The Results Are In: Student Survey Reveals How Furman Students Voted in the 2020 Election
The election student survey breaks down Furman students' voting plans, priorities, and opinions leading up to the 2020 election.
From Oct. 29 to Nov. 3, The Paladin surveyed a non-random sample of 260 students about their opinions and intentions regarding the Nov. 3 election.
Consistent with our previous findings, 97% of respondents who were eligible to vote said that they intended to vote in this election. While the final turnout will not be quite that high, the enthusiasm surrounding this election is evident: 75% described this presidential election as “very important” relative to past ones.
Of the students who intended to vote, 68% planned on doing so by mail. A substantial portion of those mail-in ballots are likely absentee. Students were registered to vote in 25 states, mostly outside of South Carolina:
Overall, 27% of our sample planned on voting for Donald Trump and 63% planned on voting for Joe Biden — consistent with the results of our previous survey. In addition to the expected gender difference in support for Biden and Trump — with men less supportive of Biden and more supportive of Trump compared to women — we also found a difference in third-party votes. In our sample of 74 males, 14% planned on voting for a third-party candidate. Among females, that number was only 3%.
On the national scale, men are more conservative than women, and Furman is no different. Among male respondents, 47% identified as Republicans and 20% as Democrats. Among females, it is the opposite: 41% identified as Democrats and 24% as Republicans. There may be a disproportionate number of conservative men at Furman who identify as Republican but refuse to vote for Donald Trump specifically, which would help explain the gender gap in the third-party vote.
Donald Trump’s unique unpopularity is also reflected by the fact that only 77% of Republicans in our sample planned on voting for him. For comparison, 99% of Democrats planned on voting for Joe Biden. The independents in our sample also leaned heavily towards Biden: 72% planned to vote for him and only 13% for Trump.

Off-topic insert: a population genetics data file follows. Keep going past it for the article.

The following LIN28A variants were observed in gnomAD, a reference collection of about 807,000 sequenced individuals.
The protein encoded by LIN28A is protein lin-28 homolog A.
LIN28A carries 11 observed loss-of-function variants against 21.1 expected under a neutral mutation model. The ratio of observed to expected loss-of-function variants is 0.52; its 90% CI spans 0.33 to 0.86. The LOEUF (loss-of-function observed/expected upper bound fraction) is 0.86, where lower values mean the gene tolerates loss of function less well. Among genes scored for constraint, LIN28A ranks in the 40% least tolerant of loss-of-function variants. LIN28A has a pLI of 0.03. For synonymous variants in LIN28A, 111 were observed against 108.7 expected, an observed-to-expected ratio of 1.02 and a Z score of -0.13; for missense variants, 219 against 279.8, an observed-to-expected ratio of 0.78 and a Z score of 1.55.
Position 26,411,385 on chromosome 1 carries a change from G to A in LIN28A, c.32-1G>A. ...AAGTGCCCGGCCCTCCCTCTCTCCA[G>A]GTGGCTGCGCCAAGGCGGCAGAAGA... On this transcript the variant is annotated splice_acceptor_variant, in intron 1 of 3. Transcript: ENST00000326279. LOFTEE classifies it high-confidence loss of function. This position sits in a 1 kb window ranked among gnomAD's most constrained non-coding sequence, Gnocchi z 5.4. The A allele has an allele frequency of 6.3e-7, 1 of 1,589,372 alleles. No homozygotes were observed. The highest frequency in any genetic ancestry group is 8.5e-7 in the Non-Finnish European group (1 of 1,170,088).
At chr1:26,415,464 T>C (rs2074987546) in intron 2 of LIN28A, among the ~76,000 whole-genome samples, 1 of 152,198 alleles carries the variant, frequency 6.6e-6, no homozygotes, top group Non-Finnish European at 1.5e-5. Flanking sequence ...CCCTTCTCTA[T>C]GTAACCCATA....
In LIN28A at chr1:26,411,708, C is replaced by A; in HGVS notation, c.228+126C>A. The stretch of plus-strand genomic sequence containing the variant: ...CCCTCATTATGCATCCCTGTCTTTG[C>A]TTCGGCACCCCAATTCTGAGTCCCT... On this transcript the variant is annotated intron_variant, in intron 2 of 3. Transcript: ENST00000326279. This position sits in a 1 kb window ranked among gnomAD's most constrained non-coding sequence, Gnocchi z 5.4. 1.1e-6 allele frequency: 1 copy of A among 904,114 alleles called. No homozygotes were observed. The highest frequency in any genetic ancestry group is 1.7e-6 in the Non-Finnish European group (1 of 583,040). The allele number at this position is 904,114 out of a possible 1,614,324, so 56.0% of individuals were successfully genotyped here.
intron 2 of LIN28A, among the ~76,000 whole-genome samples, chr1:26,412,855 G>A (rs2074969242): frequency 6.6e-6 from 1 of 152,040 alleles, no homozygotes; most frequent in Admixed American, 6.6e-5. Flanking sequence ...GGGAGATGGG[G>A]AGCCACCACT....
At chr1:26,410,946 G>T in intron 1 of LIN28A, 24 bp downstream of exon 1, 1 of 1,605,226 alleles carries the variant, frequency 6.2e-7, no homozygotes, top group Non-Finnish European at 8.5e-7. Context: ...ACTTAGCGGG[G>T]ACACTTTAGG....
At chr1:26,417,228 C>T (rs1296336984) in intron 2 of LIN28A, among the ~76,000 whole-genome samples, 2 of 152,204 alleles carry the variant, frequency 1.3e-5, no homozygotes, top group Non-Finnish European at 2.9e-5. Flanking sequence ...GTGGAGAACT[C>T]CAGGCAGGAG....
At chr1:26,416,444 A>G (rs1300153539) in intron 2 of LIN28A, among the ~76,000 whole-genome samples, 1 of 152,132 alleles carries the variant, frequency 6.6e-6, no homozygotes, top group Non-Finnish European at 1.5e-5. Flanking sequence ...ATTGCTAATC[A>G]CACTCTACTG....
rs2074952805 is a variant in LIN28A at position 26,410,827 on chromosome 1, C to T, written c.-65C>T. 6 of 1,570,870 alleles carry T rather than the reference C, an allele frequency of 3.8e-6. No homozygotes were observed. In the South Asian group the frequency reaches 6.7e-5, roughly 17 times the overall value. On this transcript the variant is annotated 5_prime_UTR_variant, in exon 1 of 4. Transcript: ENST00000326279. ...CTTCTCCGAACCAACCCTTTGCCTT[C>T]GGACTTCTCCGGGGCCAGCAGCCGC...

A presidential vote only scratches the surface of students’ often complex political opinions, so the survey also asked students what issues were most important to them. The most common answer was the economy, followed by racial equality, gender equality, and COVID-19. For something that has impacted our community (and every community) in profound ways, it is somewhat surprising to see COVID-19 so far down the list. That said, college students in general may be less worried about the public health implications of COVID-19 and more concerned about its impact on the economy as they prepare to enter the workforce.
There are also stark differences in issue importance by party identification. Republicans overwhelmingly rate the economy as their top issue, while Democrats are most concerned about racial equality and COVID-19. Independents were fairly evenly split.
Structural features of the American political system, such as single-member, plurality-rule districts, favor a two-party system. Like many Americans, a majority of students oppose this system, even though only a small minority end up voting for third-party candidates.
Finally, a significant plurality of respondents (43%) chose social media as the platform they most utilize for political news. “Social media” is a rather vague term. Following a reputable news organization on Twitter could be considered social media, as could only getting news from your friends’ Instagram stories. At the end of the day, Furman students’ media diets may not be awful, but they could probably use some improvement.
Healthy civic life relies on constructive engagement with shared institutions. The government is one such institution. So is the press. These institutions have often let our generation down, and it can be tempting to allow our disappointment to spiral into disillusionment and disengagement. By and large, Furman students have not succumbed to that temptation. Simply participating in these shared institutions — making our voices heard and listening to others — goes a long way towards achieving lasting change for the common good. The Paladin applauds the hundreds of Furman students who have already voted in what promises to be a high-turnout election, and we are grateful to our readers for joining us as we seek to illuminate students’ perspectives on issues facing our community.